Spatial Variability of Surface Radiation Fluxes in Mountainous Terrain

A. J. Oliphant Department of Geography, Indiana University, Bloomington, Indiana

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R. A. Spronken-Smith Department of Geography, University of Canterbury, Christchurch, New Zealand

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A. P. Sturman Department of Geography, University of Canterbury, Christchurch, New Zealand

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I. F. Owens Department of Geography, University of Canterbury, Christchurch, New Zealand

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Abstract

This paper investigates the magnitude and causes of spatial variability of surface radiative fluxes in a complex alpine landscape in the Southern Alps of New Zealand. Radiative flux components are simulated for the Tekapo watershed at 100-m resolution for clear-sky summer days, using a surface radiation budget model in conjunction with satellite imagery and topographic modeling to derive surface parameters. Overall, the model results agree well with observations made at a range of sites, with shortwave fluxes simulated more accurately than longwave fluxes. Sensitivity studies were conducted to isolate the role of spatial variability of surface characteristics in generating variance in the radiation budget. In order of most to least important, these characteristics were found to be slope aspect, slope angle, elevation, albedo, shading, sky view factor, and leaf area index. Spatial variability was greatest in midmorning and midafternoon, as a function of optical depth. The role of landscape complexity in the spatial distribution of fluxes was investigated by considering three subareas of the watershed that contain strongly contrasting scales of autocorrelation of topography and surface cover. Increase in topographical complexity yielded a small decrease in spatial average net radiation and a large increase in spatial standard deviation, driven most significantly by incident shortwave radiation. The regional averages scaled more or less linearly, whereas subregional-scale spatial variability differed dramatically.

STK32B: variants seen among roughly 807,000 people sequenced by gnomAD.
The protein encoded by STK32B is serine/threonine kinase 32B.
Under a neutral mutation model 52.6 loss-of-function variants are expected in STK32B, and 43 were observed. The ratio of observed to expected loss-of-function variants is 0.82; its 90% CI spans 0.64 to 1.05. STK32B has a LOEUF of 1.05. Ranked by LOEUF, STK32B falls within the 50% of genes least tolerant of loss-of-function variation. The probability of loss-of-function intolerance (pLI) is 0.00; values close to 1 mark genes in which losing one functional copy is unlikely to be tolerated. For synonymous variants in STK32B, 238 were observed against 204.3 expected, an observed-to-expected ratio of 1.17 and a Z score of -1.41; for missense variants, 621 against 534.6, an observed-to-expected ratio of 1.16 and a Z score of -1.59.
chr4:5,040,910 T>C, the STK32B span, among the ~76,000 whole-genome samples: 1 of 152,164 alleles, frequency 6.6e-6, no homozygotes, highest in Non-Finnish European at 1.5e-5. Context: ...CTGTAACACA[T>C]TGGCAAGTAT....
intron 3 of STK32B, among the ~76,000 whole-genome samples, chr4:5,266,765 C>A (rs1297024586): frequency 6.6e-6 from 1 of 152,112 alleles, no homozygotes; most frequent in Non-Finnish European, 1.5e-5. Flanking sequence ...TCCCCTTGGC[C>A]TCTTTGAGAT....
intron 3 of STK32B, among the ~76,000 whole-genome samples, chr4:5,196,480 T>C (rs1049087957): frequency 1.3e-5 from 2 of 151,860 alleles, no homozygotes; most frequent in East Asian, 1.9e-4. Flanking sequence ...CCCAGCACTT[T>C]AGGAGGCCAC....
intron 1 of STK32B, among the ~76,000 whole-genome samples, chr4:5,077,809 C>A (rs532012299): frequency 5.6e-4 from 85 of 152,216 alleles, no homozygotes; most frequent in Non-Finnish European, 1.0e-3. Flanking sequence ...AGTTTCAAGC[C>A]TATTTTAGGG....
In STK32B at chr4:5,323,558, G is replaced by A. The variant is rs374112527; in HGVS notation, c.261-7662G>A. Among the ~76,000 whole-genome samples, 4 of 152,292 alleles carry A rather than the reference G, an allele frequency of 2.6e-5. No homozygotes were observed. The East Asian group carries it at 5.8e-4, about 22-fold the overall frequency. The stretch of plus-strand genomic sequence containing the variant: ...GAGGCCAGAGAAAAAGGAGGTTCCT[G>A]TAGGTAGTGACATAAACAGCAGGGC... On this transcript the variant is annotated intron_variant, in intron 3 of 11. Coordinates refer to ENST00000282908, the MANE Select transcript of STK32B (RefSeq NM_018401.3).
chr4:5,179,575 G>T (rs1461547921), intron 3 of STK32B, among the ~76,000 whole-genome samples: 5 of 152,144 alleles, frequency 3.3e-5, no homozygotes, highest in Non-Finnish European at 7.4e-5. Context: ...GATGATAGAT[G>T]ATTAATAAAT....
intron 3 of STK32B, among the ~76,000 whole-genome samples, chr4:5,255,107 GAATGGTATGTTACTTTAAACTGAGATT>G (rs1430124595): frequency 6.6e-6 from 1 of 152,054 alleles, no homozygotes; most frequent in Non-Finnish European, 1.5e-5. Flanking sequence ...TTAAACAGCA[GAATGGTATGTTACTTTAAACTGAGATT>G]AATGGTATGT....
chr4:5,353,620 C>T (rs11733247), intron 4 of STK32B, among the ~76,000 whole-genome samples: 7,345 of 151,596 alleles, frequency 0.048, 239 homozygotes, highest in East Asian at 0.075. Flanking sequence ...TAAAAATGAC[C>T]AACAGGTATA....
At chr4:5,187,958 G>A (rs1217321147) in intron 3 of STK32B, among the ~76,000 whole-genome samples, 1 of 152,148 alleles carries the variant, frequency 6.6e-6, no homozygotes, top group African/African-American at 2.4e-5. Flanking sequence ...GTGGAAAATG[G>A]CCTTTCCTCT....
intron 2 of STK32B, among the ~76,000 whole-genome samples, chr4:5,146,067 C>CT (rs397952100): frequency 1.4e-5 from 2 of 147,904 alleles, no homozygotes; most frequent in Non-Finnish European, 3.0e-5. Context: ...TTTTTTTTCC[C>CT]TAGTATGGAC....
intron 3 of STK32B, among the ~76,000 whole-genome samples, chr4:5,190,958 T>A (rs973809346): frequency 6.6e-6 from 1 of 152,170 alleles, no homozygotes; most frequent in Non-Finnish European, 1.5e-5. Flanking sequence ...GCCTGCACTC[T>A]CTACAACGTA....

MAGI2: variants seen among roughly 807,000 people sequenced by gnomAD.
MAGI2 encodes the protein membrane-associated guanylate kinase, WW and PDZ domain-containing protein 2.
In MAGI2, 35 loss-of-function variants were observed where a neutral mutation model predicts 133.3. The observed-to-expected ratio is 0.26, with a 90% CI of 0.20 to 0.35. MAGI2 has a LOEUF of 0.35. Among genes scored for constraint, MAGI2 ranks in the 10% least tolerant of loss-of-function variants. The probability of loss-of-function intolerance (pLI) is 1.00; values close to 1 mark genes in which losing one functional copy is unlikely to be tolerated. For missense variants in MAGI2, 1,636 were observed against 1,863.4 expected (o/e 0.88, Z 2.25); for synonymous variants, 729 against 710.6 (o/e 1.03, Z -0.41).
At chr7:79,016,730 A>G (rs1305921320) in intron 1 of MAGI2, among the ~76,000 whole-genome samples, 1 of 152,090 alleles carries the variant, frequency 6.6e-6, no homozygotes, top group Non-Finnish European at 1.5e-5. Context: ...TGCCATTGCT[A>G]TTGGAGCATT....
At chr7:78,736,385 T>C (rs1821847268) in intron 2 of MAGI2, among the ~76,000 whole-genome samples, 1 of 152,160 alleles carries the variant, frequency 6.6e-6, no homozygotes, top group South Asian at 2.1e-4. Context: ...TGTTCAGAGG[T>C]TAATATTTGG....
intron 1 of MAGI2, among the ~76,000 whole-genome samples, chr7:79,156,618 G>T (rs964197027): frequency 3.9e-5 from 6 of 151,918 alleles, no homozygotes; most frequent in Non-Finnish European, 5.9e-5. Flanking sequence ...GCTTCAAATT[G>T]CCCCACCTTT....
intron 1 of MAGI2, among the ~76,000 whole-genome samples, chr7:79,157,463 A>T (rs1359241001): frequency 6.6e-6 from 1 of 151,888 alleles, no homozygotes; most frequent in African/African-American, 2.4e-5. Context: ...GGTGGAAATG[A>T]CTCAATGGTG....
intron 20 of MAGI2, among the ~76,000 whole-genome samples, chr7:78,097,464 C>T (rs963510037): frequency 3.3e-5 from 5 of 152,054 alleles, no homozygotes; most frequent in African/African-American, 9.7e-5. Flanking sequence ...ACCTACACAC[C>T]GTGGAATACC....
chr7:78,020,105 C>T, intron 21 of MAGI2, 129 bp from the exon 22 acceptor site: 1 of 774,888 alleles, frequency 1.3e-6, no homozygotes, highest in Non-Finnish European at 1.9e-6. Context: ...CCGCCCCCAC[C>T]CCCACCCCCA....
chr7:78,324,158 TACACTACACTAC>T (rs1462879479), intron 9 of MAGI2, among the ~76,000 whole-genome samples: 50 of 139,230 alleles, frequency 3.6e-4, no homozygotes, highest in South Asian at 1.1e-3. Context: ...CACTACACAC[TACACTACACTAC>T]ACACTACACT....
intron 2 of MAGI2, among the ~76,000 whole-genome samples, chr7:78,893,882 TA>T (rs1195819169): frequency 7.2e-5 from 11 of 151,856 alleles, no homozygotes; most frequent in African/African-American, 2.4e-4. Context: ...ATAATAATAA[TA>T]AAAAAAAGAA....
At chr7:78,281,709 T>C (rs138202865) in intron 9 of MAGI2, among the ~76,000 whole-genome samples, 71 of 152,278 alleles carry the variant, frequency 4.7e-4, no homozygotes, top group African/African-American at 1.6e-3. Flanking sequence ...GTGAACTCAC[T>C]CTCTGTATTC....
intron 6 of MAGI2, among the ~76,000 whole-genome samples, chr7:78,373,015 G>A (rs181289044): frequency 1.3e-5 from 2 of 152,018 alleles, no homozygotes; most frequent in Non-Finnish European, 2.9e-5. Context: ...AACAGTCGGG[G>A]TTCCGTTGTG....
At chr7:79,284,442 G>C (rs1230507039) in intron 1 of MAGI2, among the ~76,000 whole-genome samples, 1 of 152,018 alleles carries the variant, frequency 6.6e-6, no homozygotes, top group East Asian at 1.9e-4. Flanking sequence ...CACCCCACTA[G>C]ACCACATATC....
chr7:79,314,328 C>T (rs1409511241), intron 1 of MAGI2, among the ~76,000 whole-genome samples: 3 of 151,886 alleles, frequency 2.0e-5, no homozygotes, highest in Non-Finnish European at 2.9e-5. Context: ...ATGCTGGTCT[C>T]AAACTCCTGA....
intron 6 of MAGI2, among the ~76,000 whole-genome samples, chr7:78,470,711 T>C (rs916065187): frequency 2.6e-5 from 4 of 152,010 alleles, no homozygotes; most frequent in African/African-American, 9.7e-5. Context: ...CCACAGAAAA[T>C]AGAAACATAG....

Current affiliation: Department of Geography and Human Environmental Studies, San Francisco State University, San Francisco, California

Corresponding author address: Andrew Oliphant, Dept. of Geography and Human Environmental Studies, San Francisco State University, 1600 Holloway Ave., San Francisco, CA 94132. andrewo@sfsu.edu

Abstract

This paper investigates the magnitude and causes of spatial variability of surface radiative fluxes in a complex alpine landscape in the Southern Alps of New Zealand. Radiative flux components are simulated for the Tekapo watershed at 100-m resolution for clear-sky summer days, using a surface radiation budget model in conjunction with satellite imagery and topographic modeling to derive surface parameters. Overall, the model results agree well with observations made at a range of sites, with shortwave fluxes simulated more accurately than longwave fluxes. Sensitivity studies were conducted to isolate the role of spatial variability of surface characteristics in generating variance in the radiation budget. In order of most to least important, these characteristics were found to be slope aspect, slope angle, elevation, albedo, shading, sky view factor, and leaf area index. Spatial variability was greatest in midmorning and midafternoon, as a function of optical depth. The role of landscape complexity in the spatial distribution of fluxes was investigated by considering three subareas of the watershed that contain strongly contrasting scales of autocorrelation of topography and surface cover. Increase in topographical complexity yielded a small decrease in spatial average net radiation and a large increase in spatial standard deviation, driven most significantly by incident shortwave radiation. The regional averages scaled more or less linearly, whereas subregional-scale spatial variability differed dramatically.

Current affiliation: Department of Geography and Human Environmental Studies, San Francisco State University, San Francisco, California

Corresponding author address: Andrew Oliphant, Dept. of Geography and Human Environmental Studies, San Francisco State University, 1600 Holloway Ave., San Francisco, CA 94132. andrewo@sfsu.edu

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